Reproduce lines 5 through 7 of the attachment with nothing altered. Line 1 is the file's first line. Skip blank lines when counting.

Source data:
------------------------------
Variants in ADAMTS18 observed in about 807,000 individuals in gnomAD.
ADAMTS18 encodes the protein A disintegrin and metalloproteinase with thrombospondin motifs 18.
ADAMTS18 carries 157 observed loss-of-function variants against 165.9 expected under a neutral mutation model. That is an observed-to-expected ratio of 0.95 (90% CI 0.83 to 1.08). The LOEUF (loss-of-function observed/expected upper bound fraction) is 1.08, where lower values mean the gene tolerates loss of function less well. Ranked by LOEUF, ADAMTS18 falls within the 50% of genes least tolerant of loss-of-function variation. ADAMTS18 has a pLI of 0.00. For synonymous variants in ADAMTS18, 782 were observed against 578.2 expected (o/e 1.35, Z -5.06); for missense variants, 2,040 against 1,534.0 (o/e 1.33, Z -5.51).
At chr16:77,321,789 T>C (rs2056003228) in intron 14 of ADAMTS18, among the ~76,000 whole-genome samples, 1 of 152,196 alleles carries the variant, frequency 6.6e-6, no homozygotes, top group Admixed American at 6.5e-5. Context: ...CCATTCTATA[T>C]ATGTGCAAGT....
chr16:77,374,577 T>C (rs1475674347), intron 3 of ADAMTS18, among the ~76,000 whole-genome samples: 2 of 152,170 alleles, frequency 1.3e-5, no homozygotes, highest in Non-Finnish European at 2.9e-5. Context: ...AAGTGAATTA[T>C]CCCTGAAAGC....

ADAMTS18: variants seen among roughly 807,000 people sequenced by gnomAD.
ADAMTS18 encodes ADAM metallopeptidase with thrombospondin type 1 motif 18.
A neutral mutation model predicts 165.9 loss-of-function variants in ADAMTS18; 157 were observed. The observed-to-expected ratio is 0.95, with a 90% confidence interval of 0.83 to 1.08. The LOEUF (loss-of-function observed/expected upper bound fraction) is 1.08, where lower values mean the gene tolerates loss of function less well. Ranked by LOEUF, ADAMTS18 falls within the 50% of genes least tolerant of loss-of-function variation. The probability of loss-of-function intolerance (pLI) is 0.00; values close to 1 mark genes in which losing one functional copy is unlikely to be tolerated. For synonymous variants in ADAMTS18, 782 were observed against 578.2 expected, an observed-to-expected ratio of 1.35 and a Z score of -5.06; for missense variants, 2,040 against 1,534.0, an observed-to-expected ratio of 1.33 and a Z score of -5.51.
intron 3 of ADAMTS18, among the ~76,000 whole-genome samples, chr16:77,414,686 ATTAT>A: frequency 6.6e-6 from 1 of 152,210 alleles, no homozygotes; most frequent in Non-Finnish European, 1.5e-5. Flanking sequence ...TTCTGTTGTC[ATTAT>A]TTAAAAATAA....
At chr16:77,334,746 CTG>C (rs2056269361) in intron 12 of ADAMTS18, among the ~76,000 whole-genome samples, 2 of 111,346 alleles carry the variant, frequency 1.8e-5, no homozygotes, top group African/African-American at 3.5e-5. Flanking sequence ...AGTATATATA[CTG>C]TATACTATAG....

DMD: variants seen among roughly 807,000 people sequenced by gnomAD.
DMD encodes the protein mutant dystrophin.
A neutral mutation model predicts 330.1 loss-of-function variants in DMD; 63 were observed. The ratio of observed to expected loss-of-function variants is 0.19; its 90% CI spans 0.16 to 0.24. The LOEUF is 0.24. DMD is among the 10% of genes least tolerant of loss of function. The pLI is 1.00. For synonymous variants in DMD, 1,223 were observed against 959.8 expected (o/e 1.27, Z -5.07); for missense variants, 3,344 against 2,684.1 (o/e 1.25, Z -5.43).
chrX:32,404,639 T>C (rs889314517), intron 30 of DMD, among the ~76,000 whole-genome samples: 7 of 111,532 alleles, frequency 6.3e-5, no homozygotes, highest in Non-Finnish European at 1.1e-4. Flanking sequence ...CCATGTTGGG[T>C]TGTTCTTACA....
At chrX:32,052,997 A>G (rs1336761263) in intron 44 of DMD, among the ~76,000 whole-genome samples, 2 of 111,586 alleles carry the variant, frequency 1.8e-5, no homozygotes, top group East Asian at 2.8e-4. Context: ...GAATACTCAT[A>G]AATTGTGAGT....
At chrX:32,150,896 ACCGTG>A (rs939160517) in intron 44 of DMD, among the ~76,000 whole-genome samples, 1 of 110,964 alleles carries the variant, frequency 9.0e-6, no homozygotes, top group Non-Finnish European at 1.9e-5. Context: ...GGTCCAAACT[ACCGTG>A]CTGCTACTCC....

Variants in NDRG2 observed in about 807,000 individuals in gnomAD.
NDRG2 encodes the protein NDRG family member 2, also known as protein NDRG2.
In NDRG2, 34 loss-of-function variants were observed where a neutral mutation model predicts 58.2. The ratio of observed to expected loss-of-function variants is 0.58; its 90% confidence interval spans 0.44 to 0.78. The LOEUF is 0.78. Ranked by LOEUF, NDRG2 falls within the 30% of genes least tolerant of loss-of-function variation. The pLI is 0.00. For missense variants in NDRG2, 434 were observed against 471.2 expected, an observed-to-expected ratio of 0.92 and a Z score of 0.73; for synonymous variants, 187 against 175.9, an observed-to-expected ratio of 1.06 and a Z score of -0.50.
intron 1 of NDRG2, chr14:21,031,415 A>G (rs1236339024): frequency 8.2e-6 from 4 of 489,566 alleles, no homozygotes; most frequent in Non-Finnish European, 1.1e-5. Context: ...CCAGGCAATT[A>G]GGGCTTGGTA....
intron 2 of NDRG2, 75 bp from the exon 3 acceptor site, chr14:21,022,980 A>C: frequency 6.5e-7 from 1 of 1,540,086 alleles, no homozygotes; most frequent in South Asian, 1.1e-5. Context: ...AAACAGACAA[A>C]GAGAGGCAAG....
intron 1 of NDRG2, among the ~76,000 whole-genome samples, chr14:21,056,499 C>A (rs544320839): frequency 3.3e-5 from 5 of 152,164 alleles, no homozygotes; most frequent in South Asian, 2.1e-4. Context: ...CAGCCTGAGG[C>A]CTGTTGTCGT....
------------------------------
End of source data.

chr16:77,374,577 T>C (rs1475674347), intron 3 of ADAMTS18, among the ~76,000 whole-genome samples: 2 of 152,170 alleles, frequency 1.3e-5, no homozygotes, highest in Non-Finnish European at 2.9e-5. Context: ...AAGTGAATTA[T>C]CCCTGAAAGC....

ADAMTS18: variants seen among roughly 807,000 people sequenced by gnomAD.
ADAMTS18 encodes ADAM metallopeptidase with thrombospondin type 1 motif 18.